NAPOLEON I AND ROME - Autograph draft memorandum signed and addressed to Napoleon by Joseph Fouché (1759-1820), Minister of Police during the First Empire, [1813]
Lot 119
NAPOLEON I AND ROME - Autograph draft memorandum signed and addressed to Napoleon by Joseph Fouché (1759-1820), Minister of Police during the First Empire, [1813]
Sold for £3,750 (US$ 6,018) inc. premium

Lot Details
NAPOLEON I and ROME
Autograph draft memorandum signed and addressed to Napoleon by Joseph Fouché (1759-1820), Minister of Police during the First Empire, about Rome, heavily revised, describing the situation in Rome at the time that the Empire was beginning to crumble, and especially the attitude of Murat, the King of Naples, who is said to be awaiting a letter from the Emperor of Austria, Napoleon's arch-enemy, and professing regularly that he has always told Napoleon unpalatable truths during his times of success and will continue to do so now that things have turned against him ("...j'ai congé du roi de Naples. Sans doute il négocie avec le coalition. Il attend même une lettre de l'Empereur d'Autriche...le Roi peut nous servir encore--tant qu'il croira n'être pas sorti de son devoir il sera possible de l'y faire rentrer..."); he explains at length the dilemma in which Murat finds himself, on the one hand tempted by the advantages of joining the coalition forces ("...au lieu de faire à l'Empereur le sacrifice inutile de sa gloire et de sa couronne il va répandre sur l'une et l'autre l'eclat le plus brillant en se proclamant le défenseur de l'Italie, le garant de son indépendence..."), on the other seeing his troops abandon him if he remains faithful to Napoleon, adding that in Italy the word "independence" is now a rallying cry ("a acquis une vertu magique") for all who have begun to find French rule oppressive and time consuming ("...Le gouvernement de la France a une distance aussi considérable de la capitale ne leur presente que des charges pesantes sans aucune compensation. Conscriptions, impôts, vexations, privations, sacrifices, voilà, se disent les Romains ce que nous connaissons du gouvernement de la France. Ajoutons que nous n'avons aucune espèce de commerce, ni intérieur, ni extérieur, que nos produits sont sans débouché et le peu qui nous vient du dehors nous le payons a un prix excessif..."); he warns Napoleon that time is running out if he intends to try to salvage the situation in Rome and offers advice on saving the Empire by concentrating on defending France's natural frontiers ("...si vous faisiez une déclaration de ne pas dépasser ces frontières naturelles, vous aurez tous les voeux et tous les bras de la nation pour défendre votre empire. Et c'est cet empire qui serait le plus beau et le plus puissant du monde. Il suffirait à votre gloire et la prosperité de la France. Je suis convaincu que vous ne pouvez avoir de véritable paix qu'à ce prix. Je crains d'être seul à vous parler ce langage. Defiez vous des mensonges des courtisans, l'expérience a du vous le faire reconnaître.."), 4 pages, with extra paragraphs added in the margins, some wear and slight foxing, small part of lower blank corners removed, folio, [Rome], 27 December [1813]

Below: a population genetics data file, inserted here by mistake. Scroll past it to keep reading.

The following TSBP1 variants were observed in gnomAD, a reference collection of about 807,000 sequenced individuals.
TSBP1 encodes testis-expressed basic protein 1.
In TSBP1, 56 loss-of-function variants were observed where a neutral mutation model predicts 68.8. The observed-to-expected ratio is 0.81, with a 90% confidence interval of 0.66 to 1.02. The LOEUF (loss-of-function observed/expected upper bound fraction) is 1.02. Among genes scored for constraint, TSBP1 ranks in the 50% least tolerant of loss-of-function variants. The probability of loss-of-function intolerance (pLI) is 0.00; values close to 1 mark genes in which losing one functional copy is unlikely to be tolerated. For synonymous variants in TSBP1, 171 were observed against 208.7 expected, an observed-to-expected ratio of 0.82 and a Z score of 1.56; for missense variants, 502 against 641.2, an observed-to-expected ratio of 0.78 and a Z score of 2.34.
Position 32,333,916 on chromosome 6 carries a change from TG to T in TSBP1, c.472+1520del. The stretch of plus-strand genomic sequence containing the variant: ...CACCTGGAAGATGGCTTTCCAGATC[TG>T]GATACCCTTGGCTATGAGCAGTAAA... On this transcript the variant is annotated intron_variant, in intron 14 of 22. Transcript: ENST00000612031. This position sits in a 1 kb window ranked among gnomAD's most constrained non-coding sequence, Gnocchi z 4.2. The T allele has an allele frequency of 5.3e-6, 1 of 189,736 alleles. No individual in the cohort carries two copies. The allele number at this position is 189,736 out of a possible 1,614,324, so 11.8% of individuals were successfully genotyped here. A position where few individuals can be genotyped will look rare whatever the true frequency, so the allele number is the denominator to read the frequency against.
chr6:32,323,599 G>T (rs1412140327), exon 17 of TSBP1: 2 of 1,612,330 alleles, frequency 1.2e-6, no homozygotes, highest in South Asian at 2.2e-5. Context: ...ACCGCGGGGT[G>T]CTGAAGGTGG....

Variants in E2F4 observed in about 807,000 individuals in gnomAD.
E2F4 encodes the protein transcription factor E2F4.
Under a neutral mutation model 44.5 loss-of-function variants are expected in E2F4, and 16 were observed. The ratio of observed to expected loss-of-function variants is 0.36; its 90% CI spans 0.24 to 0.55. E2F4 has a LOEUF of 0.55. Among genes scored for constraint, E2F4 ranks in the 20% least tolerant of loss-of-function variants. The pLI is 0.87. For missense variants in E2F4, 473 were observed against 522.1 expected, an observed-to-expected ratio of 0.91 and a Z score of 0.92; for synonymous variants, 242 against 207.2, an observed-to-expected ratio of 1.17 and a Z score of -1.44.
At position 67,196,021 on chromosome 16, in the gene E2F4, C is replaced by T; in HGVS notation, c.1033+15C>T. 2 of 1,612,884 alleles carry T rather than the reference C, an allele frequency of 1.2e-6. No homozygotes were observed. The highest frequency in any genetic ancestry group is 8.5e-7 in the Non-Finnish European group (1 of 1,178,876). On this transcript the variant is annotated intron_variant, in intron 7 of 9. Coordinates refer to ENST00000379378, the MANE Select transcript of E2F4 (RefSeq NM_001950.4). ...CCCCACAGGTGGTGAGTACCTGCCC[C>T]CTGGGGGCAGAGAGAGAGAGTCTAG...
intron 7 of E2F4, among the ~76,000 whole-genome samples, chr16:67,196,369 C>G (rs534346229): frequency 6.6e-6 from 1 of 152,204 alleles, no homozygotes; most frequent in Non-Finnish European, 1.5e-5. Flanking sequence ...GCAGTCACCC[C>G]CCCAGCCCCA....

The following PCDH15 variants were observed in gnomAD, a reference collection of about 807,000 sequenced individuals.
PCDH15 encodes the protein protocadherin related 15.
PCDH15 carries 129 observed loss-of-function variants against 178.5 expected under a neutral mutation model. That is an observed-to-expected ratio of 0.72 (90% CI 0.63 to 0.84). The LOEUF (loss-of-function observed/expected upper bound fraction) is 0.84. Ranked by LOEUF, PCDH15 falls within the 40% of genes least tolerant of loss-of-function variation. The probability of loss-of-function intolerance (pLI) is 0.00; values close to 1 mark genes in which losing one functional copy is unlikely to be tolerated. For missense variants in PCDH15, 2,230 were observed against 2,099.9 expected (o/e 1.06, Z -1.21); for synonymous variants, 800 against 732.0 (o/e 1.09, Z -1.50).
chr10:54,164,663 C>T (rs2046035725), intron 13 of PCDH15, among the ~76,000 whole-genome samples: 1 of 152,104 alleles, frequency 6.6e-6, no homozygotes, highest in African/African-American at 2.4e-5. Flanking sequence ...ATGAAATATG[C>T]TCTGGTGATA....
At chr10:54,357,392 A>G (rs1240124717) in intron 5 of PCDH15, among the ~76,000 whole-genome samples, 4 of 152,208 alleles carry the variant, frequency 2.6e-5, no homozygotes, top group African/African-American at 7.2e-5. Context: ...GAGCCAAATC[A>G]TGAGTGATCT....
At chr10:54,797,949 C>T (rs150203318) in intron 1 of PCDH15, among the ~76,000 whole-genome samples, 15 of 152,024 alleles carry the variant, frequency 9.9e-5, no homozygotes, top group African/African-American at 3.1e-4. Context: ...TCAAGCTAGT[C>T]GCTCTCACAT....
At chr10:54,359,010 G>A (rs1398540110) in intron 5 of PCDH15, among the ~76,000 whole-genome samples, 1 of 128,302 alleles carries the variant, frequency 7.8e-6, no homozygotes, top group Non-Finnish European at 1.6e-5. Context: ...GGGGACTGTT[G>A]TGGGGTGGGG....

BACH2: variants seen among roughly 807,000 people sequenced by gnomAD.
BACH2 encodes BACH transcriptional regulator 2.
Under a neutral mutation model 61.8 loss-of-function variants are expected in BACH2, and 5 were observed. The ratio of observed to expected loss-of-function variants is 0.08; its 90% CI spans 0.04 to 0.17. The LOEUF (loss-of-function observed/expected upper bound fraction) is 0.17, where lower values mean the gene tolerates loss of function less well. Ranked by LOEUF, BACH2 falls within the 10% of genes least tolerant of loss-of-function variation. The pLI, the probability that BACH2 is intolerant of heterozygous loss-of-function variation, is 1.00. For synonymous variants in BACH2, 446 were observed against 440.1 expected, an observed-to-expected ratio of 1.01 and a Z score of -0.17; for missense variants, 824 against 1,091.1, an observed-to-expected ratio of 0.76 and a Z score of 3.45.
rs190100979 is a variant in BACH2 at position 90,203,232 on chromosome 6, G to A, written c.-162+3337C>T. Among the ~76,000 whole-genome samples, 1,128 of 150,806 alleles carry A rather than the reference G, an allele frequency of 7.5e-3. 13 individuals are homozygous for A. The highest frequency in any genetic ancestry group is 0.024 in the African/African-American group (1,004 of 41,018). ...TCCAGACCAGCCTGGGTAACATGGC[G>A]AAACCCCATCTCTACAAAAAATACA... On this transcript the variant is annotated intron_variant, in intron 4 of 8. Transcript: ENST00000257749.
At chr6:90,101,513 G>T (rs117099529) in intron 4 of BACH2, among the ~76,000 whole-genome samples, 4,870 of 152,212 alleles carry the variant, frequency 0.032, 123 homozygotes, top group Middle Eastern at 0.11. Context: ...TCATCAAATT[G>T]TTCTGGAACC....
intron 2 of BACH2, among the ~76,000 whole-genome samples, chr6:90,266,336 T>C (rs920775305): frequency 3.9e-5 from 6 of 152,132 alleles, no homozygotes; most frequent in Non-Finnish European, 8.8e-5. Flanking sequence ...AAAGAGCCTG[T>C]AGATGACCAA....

Footnotes

  • Fouché, Duc of Otranto, was well-known to Napoleon as a turn-coat; indeed Napoleon had once accused him of treason in front of the whole cabinet for making approaches to the English. This despite Fouché's claims in the letter -- "Je conjure vôtre Majesté, de ne pas rejeter mes conseils. Ils partent d'un coeur qui vous restera fidèle..." Following the Russian campaign Fouché had been sent as Governor of Rome, but, not wishing to be absent from France at a time when massive changes might be about to take place, he contrived to leave promptly and take up residence in Aix-en-Provence. His task in Rome had been to try to stop Murat from defecting to the coation forces, but seeing that Napoleon's fortunes were at their nadir, it seems that, on the contrary, he persuaded Murat to abandon France.

    It is not known what became of the present draft. If he did send a fair copy of it to Napoleon, there is nothing similar in the French Foreign Ministry archives. A letter sent to Napoleon on 20 December is very different in tone from the present draft and gives no hint that such a letter might be to come (Fouché, Mémoires, edited by L. Madelin, 1901).
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